On Tuesday, President Donald Trump raised the stakes against North Korea with a blistering statement.
“North Korea best not make any more threats to the United States,” he said. “They will be met with fire, and fury like the world has never seen.”
North Korea has threatened the U.S. multiple times in the past, but this time around, it's getting quite particular.
According to Reuters:
North Korea said on Wednesday it is “carefully examining” a plan to strike the U.S. Pacific territory of Guam with missiles, just hours after U.S. President Donald Trump told the North that any threat to the United States would be met with “fire and fury”.
A spokesman for the Korean People's Army, in a statement carried by the North's state-run KCNA news agency, said the strike plan will be “put into practice in a multi-current and consecutive way any moment” once leader Kim Jong Un makes a decision.
In another statement citing a different military spokesman, North Korea also said it could carry out a pre-emptive operation if the United States showed signs of provocation.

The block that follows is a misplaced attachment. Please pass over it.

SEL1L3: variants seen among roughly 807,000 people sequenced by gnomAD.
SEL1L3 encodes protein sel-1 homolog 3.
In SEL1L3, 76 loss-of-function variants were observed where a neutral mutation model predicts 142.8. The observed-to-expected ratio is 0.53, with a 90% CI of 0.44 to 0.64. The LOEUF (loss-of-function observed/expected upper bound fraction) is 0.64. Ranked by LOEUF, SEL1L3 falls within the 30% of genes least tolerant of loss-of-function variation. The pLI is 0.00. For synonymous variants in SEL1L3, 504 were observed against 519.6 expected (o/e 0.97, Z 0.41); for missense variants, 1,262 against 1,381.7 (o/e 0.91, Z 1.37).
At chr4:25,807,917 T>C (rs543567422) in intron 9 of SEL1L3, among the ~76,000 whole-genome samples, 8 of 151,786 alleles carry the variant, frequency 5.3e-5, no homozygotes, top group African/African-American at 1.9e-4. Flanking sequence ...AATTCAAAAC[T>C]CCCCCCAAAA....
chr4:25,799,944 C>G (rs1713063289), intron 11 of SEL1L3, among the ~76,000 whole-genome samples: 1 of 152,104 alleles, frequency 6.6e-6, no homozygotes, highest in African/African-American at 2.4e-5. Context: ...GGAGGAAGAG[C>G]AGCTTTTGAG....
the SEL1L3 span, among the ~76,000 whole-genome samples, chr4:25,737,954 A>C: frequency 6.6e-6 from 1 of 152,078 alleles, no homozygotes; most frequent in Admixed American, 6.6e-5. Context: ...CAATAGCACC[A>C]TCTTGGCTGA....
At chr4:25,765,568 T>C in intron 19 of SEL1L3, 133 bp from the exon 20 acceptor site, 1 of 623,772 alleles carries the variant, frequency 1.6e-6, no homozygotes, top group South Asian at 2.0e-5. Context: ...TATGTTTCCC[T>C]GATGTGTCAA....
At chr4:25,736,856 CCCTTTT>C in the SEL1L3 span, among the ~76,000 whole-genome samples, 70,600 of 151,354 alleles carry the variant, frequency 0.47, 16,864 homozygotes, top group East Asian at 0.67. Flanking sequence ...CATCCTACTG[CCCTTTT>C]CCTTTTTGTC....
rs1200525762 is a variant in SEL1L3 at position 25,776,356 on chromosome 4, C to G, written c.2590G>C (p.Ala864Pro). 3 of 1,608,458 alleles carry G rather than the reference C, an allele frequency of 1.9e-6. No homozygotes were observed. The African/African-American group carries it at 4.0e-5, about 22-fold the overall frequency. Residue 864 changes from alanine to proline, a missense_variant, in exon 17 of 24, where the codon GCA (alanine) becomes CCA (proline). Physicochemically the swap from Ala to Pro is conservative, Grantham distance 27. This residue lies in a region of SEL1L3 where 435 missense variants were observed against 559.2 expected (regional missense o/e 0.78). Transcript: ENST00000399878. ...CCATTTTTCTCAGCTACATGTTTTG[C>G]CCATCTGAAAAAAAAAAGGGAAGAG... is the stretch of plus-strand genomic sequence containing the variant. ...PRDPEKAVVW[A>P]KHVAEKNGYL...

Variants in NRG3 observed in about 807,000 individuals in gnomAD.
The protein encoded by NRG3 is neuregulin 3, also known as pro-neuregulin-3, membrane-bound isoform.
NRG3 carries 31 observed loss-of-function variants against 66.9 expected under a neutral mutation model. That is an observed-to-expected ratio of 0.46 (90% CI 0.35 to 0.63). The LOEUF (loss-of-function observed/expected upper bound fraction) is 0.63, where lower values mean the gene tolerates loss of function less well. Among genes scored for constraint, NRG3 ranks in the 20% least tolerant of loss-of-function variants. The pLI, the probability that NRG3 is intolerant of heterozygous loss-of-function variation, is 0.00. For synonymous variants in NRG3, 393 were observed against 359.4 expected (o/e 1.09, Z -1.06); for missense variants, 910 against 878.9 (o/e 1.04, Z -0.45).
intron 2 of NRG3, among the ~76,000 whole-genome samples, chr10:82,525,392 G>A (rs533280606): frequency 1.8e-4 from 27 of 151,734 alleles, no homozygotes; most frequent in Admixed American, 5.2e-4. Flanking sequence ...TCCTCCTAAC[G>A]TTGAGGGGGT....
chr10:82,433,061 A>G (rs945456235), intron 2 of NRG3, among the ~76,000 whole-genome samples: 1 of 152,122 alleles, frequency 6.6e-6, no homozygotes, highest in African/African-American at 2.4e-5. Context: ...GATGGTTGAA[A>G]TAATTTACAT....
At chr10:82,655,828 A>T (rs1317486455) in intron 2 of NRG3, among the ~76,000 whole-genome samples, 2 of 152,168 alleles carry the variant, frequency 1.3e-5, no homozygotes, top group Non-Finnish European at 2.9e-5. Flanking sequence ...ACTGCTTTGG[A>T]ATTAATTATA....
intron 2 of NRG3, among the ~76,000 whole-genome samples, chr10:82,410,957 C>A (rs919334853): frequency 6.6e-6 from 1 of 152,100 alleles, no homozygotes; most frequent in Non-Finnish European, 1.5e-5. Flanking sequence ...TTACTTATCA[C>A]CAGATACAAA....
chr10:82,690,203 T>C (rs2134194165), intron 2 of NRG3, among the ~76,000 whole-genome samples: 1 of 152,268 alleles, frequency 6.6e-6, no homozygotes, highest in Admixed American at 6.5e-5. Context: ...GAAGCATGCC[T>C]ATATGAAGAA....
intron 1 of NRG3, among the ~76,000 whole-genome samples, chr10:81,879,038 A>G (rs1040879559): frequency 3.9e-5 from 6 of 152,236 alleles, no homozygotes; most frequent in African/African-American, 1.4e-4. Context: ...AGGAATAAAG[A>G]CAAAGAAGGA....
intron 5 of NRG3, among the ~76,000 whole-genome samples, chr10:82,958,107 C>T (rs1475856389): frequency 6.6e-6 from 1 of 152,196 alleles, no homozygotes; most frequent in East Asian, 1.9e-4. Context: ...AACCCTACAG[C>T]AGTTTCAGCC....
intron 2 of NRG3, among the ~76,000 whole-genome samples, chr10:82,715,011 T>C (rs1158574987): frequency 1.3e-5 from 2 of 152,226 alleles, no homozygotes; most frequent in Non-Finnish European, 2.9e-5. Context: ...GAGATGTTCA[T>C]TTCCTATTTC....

The official release from the North Korean army is even more specific, though.
The threat reads:
"The KPA Strategic Force is now carefully examining the operational plan for making an enveloping fire at the areas around Guam with medium-to-long-range strategic ballistic rocket Hwasong-12 in order to contain the U.S. major military bases on Guam including the Anderson Air Force Base in which the U.S. strategic bombers, which get on the nerves of the DPRK and threaten and blackmail it through their frequent visits to the sky above South Korea, are stationed and to send a serious warning signal to the U.S.
The plan is to be soon reported to the Supreme Command soon after going through full examination and completion and will be put into practice in a multi-concurrent and consecutive way any moment Kim Jong Un, supreme commander of the nuclear force of the DPRK, makes a decision."
The Hwasong-12 missile does have the capability to reach Guam, according to CSIS Missile Defense Project.
The United States has 6,000 troops in Guam. At this time, there has been no statement from the White House or the president on the latest comments out of North Korea.